THIS. Several of our technologies render heavily in the GPU, using the OpenGL language. That’s the important part, rather than the overall speed. A workstation/pro graphics card, like the Quadro or FirePro series are going to lag behind consumer-level GPUs, with our software, primarily because we process in OpenGL. As you correctly noted, @Rover, most consumer-level GPUs have a bunch of optimizations for gaming. This allows these specific GPUs to run much more quickly when given very common OpenGL instructions (light point, shadow location and depth, etc.), than a workstation/pro card. Why? Power/speed/efficiency is definitely important, but all that power will do nothing without the right “transmission” (car analogy, in case I lost anyone!). In the case of a pro GPU, you’re looking at a card that has been optimized for use primarily in OpenCL applications. What’s the difference? OpenCL is another language that enables an extremely large amount of simultaneous computations that would otherwise bog down a consumer GPU. This is referred to as parallel computing – the more operations you can do in parallel, the more sections of your video you can render at once, or the faster you can get that skyscraper (shear, load, etc.) designed and off to the client for review.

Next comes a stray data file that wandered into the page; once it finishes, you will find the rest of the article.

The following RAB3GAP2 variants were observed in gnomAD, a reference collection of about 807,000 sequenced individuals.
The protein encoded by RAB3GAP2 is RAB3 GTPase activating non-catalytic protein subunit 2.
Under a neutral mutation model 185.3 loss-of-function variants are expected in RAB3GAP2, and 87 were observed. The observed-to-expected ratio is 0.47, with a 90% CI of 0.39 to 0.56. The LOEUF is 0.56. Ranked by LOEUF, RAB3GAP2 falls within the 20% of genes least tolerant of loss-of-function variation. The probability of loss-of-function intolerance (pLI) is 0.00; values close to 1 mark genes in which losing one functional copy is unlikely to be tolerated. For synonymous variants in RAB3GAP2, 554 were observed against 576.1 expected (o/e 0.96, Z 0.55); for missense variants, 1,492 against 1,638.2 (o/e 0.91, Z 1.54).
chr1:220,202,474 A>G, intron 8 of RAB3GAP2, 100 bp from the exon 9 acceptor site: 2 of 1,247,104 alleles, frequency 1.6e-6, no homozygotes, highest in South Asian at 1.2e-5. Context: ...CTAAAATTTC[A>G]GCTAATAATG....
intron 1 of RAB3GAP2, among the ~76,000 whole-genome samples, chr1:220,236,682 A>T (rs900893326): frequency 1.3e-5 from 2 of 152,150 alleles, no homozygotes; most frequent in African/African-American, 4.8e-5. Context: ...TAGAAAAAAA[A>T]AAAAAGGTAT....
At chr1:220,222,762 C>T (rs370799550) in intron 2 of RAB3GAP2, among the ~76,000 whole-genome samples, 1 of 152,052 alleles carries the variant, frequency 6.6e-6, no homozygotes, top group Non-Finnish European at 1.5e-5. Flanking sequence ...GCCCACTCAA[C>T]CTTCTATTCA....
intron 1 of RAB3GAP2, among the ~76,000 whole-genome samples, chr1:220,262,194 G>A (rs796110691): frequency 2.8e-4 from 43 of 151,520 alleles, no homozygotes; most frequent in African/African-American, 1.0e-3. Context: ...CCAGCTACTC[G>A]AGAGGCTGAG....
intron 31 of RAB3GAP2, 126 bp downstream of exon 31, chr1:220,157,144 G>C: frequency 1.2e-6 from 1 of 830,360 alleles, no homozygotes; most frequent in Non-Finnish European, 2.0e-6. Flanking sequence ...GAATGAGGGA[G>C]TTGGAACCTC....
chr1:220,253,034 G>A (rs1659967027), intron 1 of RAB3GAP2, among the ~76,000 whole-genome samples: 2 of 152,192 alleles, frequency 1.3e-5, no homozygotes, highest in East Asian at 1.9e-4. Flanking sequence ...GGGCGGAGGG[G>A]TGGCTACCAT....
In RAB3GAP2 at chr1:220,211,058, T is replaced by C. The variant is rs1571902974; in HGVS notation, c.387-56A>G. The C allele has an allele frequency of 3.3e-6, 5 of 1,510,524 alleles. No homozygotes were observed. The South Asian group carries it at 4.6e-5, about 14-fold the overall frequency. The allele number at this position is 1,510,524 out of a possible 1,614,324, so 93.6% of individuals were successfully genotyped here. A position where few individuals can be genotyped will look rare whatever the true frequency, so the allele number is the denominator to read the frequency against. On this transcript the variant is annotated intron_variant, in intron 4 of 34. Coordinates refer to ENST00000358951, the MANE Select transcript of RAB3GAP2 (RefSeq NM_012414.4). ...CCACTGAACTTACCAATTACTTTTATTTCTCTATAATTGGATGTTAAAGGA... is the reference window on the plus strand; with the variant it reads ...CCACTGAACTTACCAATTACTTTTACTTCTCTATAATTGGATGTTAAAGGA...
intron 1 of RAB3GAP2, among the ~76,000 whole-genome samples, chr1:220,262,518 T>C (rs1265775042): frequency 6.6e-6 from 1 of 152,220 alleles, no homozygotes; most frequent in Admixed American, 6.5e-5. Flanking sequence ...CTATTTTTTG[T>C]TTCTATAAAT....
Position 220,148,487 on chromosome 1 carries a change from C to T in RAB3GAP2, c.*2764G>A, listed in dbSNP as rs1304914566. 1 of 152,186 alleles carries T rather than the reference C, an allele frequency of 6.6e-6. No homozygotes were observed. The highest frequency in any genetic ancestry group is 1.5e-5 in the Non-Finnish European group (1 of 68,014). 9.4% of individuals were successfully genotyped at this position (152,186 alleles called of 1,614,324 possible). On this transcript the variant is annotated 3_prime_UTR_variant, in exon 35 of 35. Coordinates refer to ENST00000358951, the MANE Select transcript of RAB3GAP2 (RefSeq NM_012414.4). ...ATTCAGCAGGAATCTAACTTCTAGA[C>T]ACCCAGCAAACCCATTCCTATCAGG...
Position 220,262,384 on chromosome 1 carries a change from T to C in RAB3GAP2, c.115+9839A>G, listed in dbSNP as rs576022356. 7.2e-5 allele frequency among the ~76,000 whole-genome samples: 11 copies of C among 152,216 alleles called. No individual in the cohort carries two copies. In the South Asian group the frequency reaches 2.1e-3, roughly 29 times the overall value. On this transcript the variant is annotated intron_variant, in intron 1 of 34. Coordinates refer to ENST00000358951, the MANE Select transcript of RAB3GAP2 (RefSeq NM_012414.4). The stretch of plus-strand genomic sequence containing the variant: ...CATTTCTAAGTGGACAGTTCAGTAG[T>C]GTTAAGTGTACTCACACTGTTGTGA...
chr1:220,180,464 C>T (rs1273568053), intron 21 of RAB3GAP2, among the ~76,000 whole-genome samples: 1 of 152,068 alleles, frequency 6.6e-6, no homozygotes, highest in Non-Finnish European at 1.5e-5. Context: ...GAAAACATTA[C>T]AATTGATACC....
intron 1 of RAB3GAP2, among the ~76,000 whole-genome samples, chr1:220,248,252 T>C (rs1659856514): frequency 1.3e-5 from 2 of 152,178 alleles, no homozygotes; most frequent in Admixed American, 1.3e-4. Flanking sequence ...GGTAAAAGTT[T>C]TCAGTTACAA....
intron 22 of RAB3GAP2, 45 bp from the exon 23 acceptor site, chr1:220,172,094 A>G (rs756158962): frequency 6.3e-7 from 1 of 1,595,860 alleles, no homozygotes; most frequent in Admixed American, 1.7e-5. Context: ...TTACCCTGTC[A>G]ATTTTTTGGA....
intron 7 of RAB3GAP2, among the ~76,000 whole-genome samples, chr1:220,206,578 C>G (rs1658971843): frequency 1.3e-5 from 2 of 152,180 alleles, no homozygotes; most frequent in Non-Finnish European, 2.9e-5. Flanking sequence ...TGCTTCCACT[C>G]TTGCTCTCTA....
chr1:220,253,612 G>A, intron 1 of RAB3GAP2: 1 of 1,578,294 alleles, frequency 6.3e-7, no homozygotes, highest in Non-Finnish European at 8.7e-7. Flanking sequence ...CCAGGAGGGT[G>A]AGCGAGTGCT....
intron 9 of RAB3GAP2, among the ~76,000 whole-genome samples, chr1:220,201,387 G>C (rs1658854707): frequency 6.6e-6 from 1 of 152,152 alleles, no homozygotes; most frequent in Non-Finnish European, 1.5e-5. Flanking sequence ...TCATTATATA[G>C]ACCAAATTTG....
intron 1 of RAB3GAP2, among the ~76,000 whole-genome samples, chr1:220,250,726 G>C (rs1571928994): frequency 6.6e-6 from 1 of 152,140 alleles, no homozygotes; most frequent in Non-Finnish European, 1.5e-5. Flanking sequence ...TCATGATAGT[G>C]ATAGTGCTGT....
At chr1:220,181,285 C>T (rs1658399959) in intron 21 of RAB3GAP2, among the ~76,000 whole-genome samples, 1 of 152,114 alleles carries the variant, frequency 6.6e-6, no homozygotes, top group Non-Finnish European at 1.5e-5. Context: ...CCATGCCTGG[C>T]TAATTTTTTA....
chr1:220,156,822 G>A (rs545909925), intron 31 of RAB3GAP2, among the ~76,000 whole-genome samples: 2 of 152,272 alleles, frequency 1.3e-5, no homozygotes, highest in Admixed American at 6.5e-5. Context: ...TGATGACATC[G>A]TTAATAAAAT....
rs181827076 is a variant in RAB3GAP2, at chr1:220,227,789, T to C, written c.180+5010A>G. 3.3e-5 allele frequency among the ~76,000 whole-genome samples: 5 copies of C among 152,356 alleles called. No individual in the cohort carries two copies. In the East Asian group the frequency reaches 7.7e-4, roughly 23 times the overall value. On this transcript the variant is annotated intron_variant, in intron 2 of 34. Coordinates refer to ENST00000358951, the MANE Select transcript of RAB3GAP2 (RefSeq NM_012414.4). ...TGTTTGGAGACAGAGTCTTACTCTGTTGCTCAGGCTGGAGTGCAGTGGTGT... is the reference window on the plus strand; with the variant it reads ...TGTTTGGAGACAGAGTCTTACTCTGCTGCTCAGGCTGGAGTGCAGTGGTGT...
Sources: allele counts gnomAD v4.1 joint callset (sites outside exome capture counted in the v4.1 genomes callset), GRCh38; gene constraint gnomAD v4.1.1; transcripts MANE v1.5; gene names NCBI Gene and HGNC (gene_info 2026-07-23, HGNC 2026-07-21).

In the simplest of terms: not as great as you’d expect. Workstation GPUs are much more expensive, because they have more computation throughput than a consumer GPU, and they’re used accordingly, in the design of infrastructure, high resolution video processing (8k and up), and processing large data models. That’s not to say that a workstation card isn’t going to work well, but you may find a comparable consumer GPU will outperform, in OpenGL applications. That’s why our software will run better with a consumer GPU. Here’s a bit of information on the differences between OpenCL and OpenGL:

https://www.quora.com/What-are-the-differences-between-OpenCL-and-OpenGL

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Very useful… Thanks. I did not remember the OpenGL/OpenCL difference.
So essentially, without using the card for heavy or specialized CAD work or VR rendering, a Pro card MIGHT not be worth the money. A 1080 Ti or a Titan it must be then. :slight_smile:

This short benchmark might show some of the same. Quadro P5000 and GeForce 1080 just about equal in all benchmarks. Except for certain OpenGL functions, like two-sided Lighting render, the P5000 blew the 1080 out of the water by a factor of 7 on low-res (1280×720) and a factor of 20 on hig-res (3840×2160) images.